Durbin, Grassley, Pascrell, Gosar Lead Overhaul To H-1B, L-1 Visa Programs

Bipartisan, Bicameral Reforms Will Protect American Workers And Improve Fairness For Skilled Labor Applicants

SPRINGFIELD – U.S. Senators Dick Durbin (D-IL) and Chuck Grassley (R-IA), along with U.S. Representatives Bill Pascrell, Jr. (D-NJ-09) and Paul Gosar (R-AZ-04), introduced bipartisan, bicameral legislation to reform and close loopholes in the H-1B and L-1 visa programs.  The H-1B and L-1 Visa Reform Act will reduce fraud and abuse, provide protections for American workers and visa holders, and require more transparency in the recruitment of foreign workers.  This complete overhaul of the H-1B and L-1 visa programs will protect American workers and crack down on foreign outsourcing companies, which deprive qualified Americans of high-skill jobs.  Durbin and Grassley first introduced the legislation in 2007 and have been long-time advocates for H-1B and L-1 reform.

“Reforming the H-1B and L-1 visa programs is a critical component of fixing our broken immigration system,” Durbin said.  “For years, outsourcing companies have used loopholes in the laws to displace qualified American workers and facilitate the outsourcing of American jobs.  Our legislation would end these abuses and protect American and foreign workers from exploitation.”

“Congress created these programs to complement America’s high-skilled workforce, not replace it. Unfortunately, some companies are trying to exploit the programs by cutting American workers for cheaper labor. We need programs dedicated to putting American workers first. When skilled foreign workers are needed to meet the demands of our labor market, we must also ensure that visa applicants who honed their skills at American colleges and universities are a priority over the importation of more foreign workers. Our bill takes steps to ensure that the programs work for Americans and skilled foreign workers alike,” Grassley said.

“These vital visa programs were intended to support America’s high-skilled workforce. Sadly, certain corporations and bad actors have abused loopholes in the laws to undermine American workers,” said Pascrell.  “This bipartisan fix will put American workers first and ensure fairness for visa applicants who developed their skills here in the United States.  Most important, it will implant safeguards to protect American labor and prevent the exploitation of visa workers."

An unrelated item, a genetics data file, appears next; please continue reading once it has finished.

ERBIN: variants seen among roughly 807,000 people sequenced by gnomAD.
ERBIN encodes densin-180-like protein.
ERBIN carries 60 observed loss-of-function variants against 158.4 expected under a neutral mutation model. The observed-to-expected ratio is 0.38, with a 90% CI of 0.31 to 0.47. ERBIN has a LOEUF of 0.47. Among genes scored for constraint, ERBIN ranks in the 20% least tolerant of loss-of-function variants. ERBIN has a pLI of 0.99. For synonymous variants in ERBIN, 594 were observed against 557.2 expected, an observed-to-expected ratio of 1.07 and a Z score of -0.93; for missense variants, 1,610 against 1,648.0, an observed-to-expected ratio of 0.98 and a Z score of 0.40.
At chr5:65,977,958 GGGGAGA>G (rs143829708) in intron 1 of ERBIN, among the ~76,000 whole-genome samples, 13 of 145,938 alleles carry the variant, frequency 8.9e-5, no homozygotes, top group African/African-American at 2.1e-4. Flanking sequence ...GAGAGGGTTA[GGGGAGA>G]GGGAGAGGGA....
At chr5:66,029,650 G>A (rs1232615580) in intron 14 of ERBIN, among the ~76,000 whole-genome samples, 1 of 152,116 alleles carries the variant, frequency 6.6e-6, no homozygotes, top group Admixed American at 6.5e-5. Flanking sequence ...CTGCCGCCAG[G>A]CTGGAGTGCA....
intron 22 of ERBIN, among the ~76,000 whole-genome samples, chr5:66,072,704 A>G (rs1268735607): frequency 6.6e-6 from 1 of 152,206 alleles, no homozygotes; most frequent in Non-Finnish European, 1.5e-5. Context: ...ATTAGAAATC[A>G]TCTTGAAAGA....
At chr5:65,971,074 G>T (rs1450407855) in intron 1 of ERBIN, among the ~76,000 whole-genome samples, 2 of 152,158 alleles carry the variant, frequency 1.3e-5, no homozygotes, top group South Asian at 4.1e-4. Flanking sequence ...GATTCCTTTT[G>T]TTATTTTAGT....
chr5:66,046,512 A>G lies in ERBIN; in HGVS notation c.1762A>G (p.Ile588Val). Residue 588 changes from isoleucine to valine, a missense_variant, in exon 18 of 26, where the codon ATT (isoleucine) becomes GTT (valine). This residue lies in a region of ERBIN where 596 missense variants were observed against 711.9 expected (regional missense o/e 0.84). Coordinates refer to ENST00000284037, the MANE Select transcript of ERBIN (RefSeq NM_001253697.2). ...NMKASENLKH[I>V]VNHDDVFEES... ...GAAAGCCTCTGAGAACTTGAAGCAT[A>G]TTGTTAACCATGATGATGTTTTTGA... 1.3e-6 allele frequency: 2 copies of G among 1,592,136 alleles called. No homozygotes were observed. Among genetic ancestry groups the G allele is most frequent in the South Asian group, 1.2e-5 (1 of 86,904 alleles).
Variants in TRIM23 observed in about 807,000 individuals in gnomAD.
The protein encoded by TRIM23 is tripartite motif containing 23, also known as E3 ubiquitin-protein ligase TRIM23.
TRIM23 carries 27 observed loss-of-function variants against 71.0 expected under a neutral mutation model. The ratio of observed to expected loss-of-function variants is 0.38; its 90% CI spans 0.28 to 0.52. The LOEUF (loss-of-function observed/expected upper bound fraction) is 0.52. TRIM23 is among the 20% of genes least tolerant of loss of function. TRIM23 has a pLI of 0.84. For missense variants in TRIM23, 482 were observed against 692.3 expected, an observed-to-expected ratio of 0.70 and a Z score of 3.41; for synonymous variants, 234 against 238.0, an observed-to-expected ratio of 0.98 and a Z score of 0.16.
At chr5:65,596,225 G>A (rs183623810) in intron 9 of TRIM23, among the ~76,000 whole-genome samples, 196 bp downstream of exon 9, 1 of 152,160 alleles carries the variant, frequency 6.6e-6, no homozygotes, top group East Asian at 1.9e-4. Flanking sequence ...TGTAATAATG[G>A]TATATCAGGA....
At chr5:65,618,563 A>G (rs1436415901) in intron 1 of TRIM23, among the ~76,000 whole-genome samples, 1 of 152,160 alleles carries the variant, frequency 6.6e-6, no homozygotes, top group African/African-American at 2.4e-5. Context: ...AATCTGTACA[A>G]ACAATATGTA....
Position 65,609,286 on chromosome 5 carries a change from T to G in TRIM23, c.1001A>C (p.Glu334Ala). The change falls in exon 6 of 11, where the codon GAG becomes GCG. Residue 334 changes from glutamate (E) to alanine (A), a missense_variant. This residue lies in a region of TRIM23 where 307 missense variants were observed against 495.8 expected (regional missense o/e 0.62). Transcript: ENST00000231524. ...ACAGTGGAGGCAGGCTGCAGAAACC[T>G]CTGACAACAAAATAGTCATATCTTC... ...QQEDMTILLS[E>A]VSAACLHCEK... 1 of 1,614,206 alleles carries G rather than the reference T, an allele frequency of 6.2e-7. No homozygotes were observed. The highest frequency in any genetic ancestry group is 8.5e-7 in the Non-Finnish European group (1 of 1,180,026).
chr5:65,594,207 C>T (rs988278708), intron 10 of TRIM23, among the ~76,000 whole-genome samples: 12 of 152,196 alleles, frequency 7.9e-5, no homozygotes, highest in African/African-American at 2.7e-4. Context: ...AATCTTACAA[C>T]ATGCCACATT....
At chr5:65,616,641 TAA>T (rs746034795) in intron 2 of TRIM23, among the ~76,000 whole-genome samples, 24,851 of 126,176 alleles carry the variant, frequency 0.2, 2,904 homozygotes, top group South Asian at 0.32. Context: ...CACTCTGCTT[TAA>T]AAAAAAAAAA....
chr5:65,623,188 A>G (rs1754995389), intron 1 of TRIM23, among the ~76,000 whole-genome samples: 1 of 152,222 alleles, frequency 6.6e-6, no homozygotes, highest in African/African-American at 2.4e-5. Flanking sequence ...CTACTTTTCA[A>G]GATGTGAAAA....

“The H-1B and L-1 Visa Reform Act will curtail the discrimination against high-skilled Americans by foreign outsourcing companies,” said Gosar.  “This proposal includes necessary reforms to protect United States workers from job outsourcing and provides additional authority to the Departments of Homeland Security and Labor to crack down on visa abuse.  I am proud to prioritize American workers and to work with Rep. Pascrell on the reintroduction of this important bipartisan legislation.  The millions of Americans seeking wage growth and employment opportunities should not have to compete with foreign outsourcing companies and cheaper foreign labor.”

Along with Durbin and Grassley, the legislation is also cosponsored by Sens. Richard Blumenthal (D-CT), Sherrod Brown (D-OH), and Bernie Sanders (I-VT).  Along with Reps. Pascrell and Gosar, the bill is cosponsored by Reps. Ro Khanna (D-CA-17), Frank Pallone, Jr. (D-NJ-06), and Lance Gooden (R-TX-05).

The H-1B and L-1 Visa Reform Act will require U.S. Citizenship and Immigration Services to prioritize for the first time the annual allocation of H-1B visas.  The new system would ensure that the best and brightest students being educated in the United States receive preference for an H-1B visa, including advanced degree holders, those being paid a high wage, and those with valuable skills.

The legislation explicitly prohibits the replacement of American workers by H-1B or L-1 visa holders, clarifying that working conditions of similarly employed American workers may not be adversely affected by the hiring of an H-1B worker, including H-1B workers who have been placed by another employer at the American worker’s worksite.  These provisions address the types of abuses that have been well-documented.

Importantly, the legislation will crack down on outsourcing companies that import large numbers of H-1B and L-1 workers for temporary training purposes only to send the workers back to their home countries to do the same job.  Specifically, the bill would prohibit companies with more than 50 employees, of which at least half are H-1B or L-1 holders, from hiring additional H-1B employees.  The bill gives the U.S. Department of Labor enhanced authority to review, investigate, and audit employer compliance with program requirements, as well as to penalize fraudulent or abusive conduct.  It requires the production of extensive statistical data about the H-1B and L-1 programs, including wage data, worker education levels, place of employment, and gender. 

In addition, the H-1B and L-1 Visa Reform Act encompasses several reforms of the L-1 visa program, including establishment of a wage floor for L-1 workers; authority for the U.S. Department of Homeland Security to investigate, audit, and enforce compliance with L-1 program requirements; assurance that intra-company transfers occur between legitimate branches of a company and don’t involve “shell” facilities; and a change to the definition of “specialized knowledge” to ensure that L-1 visas are reserved only for truly key personnel.